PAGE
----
10Local Audit and Accountability Act 2014 [Enacted 30 January 2014]Includes provisions for:Abolition of the Audit CommissionOn 31 March 2015Transfer of residual functions to other bodiesEstablishment of a new local audit frameworkAccounting arrangementsAuditing arrangementsRequires secondary legislationInitial consultation paper “The future of Local Audit” (Nov 2013)Further consultation in March and June 2014Draft regulations due to be finalised by end of 2014
11What happens when the Audit Commission closes? Existing audit appointments continue until 2016/17“Public Sector Audit Appointments Limited” (PSAA)established by the LGA. Responsible for:Appointment of auditors to local government and part of NHSSetting scales of fees (local councils fixed until 2016/17)Making arrangements for certification of some grant claims/returnsNational Audit Office (NAO). Responsible for:Code of Audit Practice and any other guidance to auditorsCouncil accounts: a guide to your rightsJoint Practitioners Advisory Group (JPAG) = NALC, SLCC, ADA Responsible for:Maintaining and updating the Practitioners’ GuideProducing the Annual Return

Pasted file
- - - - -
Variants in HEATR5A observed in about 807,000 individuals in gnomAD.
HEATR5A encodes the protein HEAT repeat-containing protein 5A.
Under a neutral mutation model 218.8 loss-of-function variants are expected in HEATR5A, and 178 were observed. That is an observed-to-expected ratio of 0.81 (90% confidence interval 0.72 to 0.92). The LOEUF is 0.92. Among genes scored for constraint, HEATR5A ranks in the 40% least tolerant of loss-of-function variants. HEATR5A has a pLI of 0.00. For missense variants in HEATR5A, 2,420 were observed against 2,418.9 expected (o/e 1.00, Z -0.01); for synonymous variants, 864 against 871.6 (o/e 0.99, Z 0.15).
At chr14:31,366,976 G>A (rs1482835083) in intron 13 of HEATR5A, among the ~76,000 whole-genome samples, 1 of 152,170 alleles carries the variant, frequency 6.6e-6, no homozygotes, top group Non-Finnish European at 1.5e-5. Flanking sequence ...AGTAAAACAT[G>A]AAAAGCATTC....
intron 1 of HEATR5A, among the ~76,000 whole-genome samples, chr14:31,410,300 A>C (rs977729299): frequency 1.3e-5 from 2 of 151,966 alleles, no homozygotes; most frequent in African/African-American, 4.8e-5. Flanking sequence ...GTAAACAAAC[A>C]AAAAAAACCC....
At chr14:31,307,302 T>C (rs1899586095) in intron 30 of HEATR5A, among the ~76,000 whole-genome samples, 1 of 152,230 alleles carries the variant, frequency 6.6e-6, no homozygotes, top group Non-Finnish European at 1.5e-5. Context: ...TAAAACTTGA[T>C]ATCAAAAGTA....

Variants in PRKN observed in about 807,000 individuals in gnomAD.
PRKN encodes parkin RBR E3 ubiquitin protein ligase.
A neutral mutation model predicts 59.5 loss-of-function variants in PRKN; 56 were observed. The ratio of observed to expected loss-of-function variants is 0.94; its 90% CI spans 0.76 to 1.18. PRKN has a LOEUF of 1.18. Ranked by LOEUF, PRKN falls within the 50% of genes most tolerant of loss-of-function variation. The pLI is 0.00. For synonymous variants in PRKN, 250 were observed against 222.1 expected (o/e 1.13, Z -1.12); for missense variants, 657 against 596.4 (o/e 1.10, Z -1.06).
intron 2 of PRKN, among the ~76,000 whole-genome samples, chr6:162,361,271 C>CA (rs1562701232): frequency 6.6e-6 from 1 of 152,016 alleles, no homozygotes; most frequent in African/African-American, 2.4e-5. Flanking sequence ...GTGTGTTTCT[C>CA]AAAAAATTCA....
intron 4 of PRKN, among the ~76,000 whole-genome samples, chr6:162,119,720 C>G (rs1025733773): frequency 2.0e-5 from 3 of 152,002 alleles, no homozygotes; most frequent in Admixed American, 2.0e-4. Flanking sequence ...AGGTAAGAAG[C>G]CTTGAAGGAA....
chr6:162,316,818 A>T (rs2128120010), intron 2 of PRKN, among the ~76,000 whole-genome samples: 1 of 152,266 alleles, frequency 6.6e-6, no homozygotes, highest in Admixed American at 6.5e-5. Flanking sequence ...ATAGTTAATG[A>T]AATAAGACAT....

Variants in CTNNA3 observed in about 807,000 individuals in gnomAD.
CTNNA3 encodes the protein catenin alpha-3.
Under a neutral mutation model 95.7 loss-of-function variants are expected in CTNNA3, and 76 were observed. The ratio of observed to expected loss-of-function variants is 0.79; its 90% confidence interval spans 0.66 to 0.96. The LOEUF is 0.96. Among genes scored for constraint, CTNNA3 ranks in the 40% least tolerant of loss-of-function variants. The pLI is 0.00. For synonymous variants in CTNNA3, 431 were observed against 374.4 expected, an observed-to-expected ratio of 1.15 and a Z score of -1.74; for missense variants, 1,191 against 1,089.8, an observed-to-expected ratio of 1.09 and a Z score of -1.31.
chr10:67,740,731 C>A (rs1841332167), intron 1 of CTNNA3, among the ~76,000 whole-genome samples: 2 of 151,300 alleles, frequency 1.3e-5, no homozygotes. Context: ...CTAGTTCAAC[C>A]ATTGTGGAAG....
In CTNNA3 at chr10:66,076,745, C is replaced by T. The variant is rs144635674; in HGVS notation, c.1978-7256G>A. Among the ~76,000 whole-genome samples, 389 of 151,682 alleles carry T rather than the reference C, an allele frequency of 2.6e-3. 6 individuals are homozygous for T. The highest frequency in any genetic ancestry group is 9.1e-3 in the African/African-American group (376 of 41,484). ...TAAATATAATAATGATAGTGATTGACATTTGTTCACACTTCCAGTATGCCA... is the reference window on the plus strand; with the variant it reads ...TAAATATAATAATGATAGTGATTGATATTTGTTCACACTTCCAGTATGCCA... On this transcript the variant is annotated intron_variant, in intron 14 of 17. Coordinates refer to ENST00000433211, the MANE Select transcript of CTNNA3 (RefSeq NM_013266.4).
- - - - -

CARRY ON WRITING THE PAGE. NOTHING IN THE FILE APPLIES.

12Local Audit (Smaller Authorities) Regulations 2014 (Draft) Consultation in June – awaiting Government response“Specification of a person to appoint local auditors” (Appointing Body)From 2017/18 (to be in place from 2016), if contracts not extendedMay be a “sector-led body” or other arrangements (e.g. county-led?)Will appoint auditors to opted-in authoritiesWill set fee scales, length of appointmentCollect fees from opted-in authorityAuthorities can decide to “opt-in” or “opt-out”Opting-out requires:Decision by the full CouncilNotification to Appointing Body by 31 December in year of auditEstablishment of an auditor panel to advise on appointmentPanel must include independent members, who must be in a majority for panel to be quorate
13Exemption from audit (turnover <£25k) Audit Exemption Policy (small authorities with gross income & gross expenditure or gross receipts & payments below £25k threshold.Can still choose to have an auditNot applicable if new (first 3 years)Not applicable if Public Interest Report/ item of accounts declared unlawful in previous yearIf choose not to have an audit:Do require auditor – but only to handle questions and objections from local electorsIf opted in – appointment will be made by Appointing Body (but only when needed)If opted out - must appoint an auditor, regardless of whether choose to have an audit.Must comply with requirements of Transparency Code for Parish Councils